Where are the Wins?
A look at how average win counts have trended since 2013
It’s been about a month since our last post, our 2021 year in review. Since then, we’ve been busy at work prepping for 2022 (read to the end of that post for a sneak preview of what’s in store).
While we don’t have any updates on 2022 to share right now (look out for some in the coming months), we wanted to use this stretch of downtime to share the results of some fun analyses we’ve been running.
In the first of these, we will take a look at season-by-season win counts, and how those have trended in aggregate over the past 9 years.
Read on to find out, but before you do, make sure you subscribe below!
First Things First
Does this chart look familiar? This shows the total number of teams playing 11 man football in the state of Michigan - as you can see, there is a clear trend downward, with almost 100 fewer teams playing 11 man football in 2021 vs 2013.
While we won’t be discussing the ‘why’ behind this chart in this post (that’s a topic for another day), we wanted to showcase this trend before jumping in - because we are considering only 11 man teams in our analysis, and because the number of 11 man teams has dropped considerably over the time period in question, all of our metrics are reported on a “% of total teams playing 11 man football” basis.
This adjustment allows for us to compare across time periods: without this, reporting the number of teams with X number of wins in a given year would be meaningless, as there may be fewer teams with a given number of wins simply due to the lower overall number of teams playing that year.
Averages: COVID, Duh
With that caveat out of the way, let’s jump into our first look at the data: what’s the average number of wins across all teams in a given year?
Not surprisingly, the data shows a very consistent trend, with the average wins per team hovering right around 4.9, year in and year out. This makes sense, given that the regular season is 9 games long, and has been for the entire time period in question: the average wins imply an almost exactly average record of 4.9 wins to 4.1 losses (there are slightly more wins on average due to the playoffs - around half the state plays 10 games each year).
Also not surprising is the chart’s one blip: in 2020, when the regular season was shortened to 7 games long (I am counting the one guaranteed playoff game), average wins per team dipped to 3.8. This again implies an almost middle-of-the-road record, with 3.8 wins to 3.2 losses.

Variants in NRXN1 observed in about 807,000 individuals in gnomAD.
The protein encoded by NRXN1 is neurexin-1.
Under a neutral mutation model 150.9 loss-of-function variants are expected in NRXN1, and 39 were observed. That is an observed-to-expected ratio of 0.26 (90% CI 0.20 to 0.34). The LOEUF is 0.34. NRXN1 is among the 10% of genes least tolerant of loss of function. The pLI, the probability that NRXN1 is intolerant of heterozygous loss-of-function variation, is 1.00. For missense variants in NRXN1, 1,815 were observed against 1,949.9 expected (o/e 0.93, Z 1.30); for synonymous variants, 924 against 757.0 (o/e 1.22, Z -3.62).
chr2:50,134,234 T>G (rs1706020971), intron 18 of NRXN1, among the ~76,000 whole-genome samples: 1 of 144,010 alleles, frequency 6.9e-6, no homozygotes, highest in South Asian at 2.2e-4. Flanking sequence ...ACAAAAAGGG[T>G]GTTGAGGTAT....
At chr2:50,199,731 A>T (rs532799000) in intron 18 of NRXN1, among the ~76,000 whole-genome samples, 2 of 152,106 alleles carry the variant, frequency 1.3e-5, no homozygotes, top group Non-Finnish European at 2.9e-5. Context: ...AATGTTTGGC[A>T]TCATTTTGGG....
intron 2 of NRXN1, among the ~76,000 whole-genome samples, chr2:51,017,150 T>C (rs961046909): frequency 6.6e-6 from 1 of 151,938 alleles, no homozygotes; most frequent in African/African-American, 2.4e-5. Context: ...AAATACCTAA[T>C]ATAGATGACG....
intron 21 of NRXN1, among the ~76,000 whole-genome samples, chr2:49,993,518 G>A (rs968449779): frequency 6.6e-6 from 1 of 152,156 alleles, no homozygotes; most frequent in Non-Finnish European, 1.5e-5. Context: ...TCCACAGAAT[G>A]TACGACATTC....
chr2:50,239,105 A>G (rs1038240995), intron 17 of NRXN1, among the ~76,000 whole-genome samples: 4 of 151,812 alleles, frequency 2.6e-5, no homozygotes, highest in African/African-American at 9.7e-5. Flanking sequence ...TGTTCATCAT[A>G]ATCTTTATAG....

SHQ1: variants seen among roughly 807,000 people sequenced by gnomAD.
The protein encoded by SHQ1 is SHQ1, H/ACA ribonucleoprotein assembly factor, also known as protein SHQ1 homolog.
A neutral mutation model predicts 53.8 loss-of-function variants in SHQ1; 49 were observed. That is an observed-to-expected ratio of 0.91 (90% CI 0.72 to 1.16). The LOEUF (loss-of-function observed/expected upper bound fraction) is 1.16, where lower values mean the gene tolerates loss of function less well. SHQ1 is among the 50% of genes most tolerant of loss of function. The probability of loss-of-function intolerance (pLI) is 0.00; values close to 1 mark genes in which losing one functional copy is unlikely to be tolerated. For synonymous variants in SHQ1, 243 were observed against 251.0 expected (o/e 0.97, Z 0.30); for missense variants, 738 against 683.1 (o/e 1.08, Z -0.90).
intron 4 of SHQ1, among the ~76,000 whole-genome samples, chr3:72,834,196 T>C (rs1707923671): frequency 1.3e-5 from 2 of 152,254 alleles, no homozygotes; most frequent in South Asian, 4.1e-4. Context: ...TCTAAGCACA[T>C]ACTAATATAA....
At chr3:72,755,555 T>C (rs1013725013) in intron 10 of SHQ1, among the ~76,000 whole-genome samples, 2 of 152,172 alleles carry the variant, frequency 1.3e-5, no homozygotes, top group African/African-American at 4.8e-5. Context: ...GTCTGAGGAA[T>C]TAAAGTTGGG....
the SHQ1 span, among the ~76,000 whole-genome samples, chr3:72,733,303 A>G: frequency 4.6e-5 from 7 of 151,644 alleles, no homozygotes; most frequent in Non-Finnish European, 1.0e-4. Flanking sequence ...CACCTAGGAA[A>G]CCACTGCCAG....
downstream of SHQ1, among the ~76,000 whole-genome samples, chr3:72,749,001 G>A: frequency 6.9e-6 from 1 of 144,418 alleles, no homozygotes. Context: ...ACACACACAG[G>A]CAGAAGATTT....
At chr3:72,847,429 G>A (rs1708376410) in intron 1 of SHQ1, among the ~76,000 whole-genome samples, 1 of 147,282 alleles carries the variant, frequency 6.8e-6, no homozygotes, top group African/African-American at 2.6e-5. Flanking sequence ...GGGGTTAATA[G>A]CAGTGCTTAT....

1 Level Deeper: Variation
Let’s go one level deeper: you’ve seen that the average number of wins has been roughly constant over time, but how has the variation in win counts changed?
Here, we are using standard deviation to measure variation: if there is more parity in win counts, i.e. a lot more teams are going 5-4 each year, we would expect the standard deviation of win counts to drop, as the overall variation lowers.
On the contrary, if there is increasingly less parity in the state, with more teams going winless and/or more teams going undefeated, we would expect this number to increase: overall variation would be rising.
Since 2015, there’s been a clear trend upwards in variation of win counts across the state, with the trend spiking in 2020, and coming back to earth slightly this past year.
While the overall trend might be a bit surprising, the 2020 phenomena certainly is not: variation spiked that year because of the extreme variation in the total number of games played. For instance, none of the Lansing schools played football in 2020, and very few teams played all 12 possible games. This is a wider spread than normal; hence, variation increases.
What’s driving this?
What’s driving this increase in variation? Before we jump into the actual numbers, a high-level visualization may be helpful: below are two histograms of total win counts.
The one on the left shows a State where there is more parity: as you can see, the data is more mound shaped, with a larger bump in the middle and a symmetrical look. Think of this as a State where nearly everyone goes 5-4.
The one on the right shows a State where there is less parity: more and more teams are winning fewer games, and less teams are going undefeated. This is causing the data to take a sloping shape, with a large lump at the front (low # of wins), and a longer tail (high # of wins).
Essentially, our State is moving from the left histogram to the right histogram: over the past 9 years, the level of parity has dropped.
There are more 0 & 1 win teams than ever
Let’s look at some more data to prove this out: below is a chart on the % of total teams winning only 0 or 1 games each year. This trend is in lockstep with our average variation chart: since 2015, the % of teams winning this few of games has steadily risen.
And fewer teams are posting double digit win counts
On the flip side, the % of teams with double digit wins each year is down. This trend is not as pronounced as the other, but it's still visible.
The Rich Get Richer?
As you can see, the State is fighting a two-front war when it comes to total wins: not only are more teams going winless (or posting only 1 win), but there are also fewer posting double digit wins.
This dynamic would seem to embody the ‘rich get richer’ dynamic we are seeing across the sports world: each year, the top of the game grows increasingly smaller, with just a few teams dominating.
Who are these teams?
In Part II of this post, we will take a look at who these teams are, and try to answer the following questions:
Which program has been the most dominant over the last 8 years? How about 3 years?
Which program outperformed their last 8 year trend the most in 2021? Who underperformed?
Are there differences in average win counts across divisions?
Subscribe now to make sure you don’t miss out on Part II of this post!